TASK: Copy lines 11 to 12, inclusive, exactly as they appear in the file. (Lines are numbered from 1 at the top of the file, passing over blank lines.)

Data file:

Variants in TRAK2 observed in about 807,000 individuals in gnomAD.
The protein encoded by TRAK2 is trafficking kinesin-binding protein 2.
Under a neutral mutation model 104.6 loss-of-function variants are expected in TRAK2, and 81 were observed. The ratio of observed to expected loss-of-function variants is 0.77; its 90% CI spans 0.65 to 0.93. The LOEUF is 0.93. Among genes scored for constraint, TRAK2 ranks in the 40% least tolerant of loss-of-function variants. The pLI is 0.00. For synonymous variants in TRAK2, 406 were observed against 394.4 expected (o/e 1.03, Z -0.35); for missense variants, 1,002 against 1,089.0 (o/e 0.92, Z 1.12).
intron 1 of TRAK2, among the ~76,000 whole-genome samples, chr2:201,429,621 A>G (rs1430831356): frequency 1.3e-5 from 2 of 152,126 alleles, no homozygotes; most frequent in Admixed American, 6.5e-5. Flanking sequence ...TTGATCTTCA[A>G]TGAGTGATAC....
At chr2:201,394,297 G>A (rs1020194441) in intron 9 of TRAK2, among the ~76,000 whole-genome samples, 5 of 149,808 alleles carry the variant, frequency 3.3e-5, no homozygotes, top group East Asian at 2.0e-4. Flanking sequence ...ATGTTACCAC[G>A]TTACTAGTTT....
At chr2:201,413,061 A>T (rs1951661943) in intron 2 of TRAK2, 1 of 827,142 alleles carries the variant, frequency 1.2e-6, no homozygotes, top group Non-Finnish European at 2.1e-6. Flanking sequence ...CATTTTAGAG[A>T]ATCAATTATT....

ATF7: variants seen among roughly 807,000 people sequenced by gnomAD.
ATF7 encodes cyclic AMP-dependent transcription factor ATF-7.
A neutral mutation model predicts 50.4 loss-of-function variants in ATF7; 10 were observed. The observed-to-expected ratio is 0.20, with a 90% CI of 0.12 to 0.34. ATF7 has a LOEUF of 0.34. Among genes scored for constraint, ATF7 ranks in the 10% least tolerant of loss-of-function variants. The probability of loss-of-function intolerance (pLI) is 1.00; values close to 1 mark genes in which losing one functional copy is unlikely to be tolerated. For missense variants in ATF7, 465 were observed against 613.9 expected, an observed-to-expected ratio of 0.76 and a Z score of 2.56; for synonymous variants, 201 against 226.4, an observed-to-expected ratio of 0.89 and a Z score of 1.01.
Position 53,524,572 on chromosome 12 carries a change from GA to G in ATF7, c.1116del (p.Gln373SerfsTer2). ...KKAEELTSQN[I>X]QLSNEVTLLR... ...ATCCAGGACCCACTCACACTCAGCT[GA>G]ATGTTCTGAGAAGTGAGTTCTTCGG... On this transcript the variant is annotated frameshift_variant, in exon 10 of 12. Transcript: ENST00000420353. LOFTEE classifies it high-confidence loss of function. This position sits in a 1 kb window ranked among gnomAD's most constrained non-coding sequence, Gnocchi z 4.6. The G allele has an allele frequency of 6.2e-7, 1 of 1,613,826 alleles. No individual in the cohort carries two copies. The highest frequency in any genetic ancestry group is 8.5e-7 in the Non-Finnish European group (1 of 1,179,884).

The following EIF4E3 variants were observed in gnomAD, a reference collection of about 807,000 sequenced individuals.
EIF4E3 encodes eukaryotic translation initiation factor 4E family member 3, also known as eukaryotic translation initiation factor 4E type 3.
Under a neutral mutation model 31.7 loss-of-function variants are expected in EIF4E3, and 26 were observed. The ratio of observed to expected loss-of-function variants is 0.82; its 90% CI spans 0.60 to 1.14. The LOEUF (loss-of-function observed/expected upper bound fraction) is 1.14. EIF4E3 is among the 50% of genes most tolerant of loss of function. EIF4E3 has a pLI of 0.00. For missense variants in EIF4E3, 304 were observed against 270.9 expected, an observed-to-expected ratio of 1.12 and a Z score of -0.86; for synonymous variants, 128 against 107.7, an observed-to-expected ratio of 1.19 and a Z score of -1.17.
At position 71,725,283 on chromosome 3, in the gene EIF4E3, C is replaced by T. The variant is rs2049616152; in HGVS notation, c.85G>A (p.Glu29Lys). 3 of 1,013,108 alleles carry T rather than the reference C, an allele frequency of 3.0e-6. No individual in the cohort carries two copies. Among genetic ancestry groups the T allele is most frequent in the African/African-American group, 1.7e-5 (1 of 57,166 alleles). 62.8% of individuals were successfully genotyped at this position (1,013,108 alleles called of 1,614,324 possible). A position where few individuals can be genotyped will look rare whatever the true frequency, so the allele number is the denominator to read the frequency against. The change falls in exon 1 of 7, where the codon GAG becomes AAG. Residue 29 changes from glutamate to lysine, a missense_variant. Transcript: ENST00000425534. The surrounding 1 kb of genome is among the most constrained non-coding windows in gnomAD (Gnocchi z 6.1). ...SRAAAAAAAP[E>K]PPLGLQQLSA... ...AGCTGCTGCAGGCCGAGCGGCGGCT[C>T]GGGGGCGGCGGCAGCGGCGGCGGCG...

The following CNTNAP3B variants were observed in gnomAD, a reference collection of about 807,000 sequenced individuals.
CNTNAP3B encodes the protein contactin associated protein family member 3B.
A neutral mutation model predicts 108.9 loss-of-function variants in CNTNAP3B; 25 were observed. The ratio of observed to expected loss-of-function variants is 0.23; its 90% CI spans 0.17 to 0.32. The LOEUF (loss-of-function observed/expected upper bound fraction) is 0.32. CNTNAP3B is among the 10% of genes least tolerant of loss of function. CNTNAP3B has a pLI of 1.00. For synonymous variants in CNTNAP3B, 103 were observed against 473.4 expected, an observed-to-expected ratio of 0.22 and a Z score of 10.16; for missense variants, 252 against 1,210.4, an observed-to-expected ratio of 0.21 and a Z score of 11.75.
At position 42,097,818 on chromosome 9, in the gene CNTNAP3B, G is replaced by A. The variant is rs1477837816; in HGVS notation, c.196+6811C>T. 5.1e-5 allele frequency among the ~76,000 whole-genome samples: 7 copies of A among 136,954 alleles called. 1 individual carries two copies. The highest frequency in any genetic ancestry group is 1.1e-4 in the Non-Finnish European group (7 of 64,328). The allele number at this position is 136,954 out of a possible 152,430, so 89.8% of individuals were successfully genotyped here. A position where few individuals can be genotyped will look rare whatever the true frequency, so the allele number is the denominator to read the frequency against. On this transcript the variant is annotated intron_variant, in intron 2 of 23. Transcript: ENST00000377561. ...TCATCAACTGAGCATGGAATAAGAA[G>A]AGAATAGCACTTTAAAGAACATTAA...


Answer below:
The following EIF4E3 variants were observed in gnomAD, a reference collection of about 807,000 sequenced individuals.
EIF4E3 encodes eukaryotic translation initiation factor 4E family member 3, also known as eukaryotic translation initiation factor 4E type 3.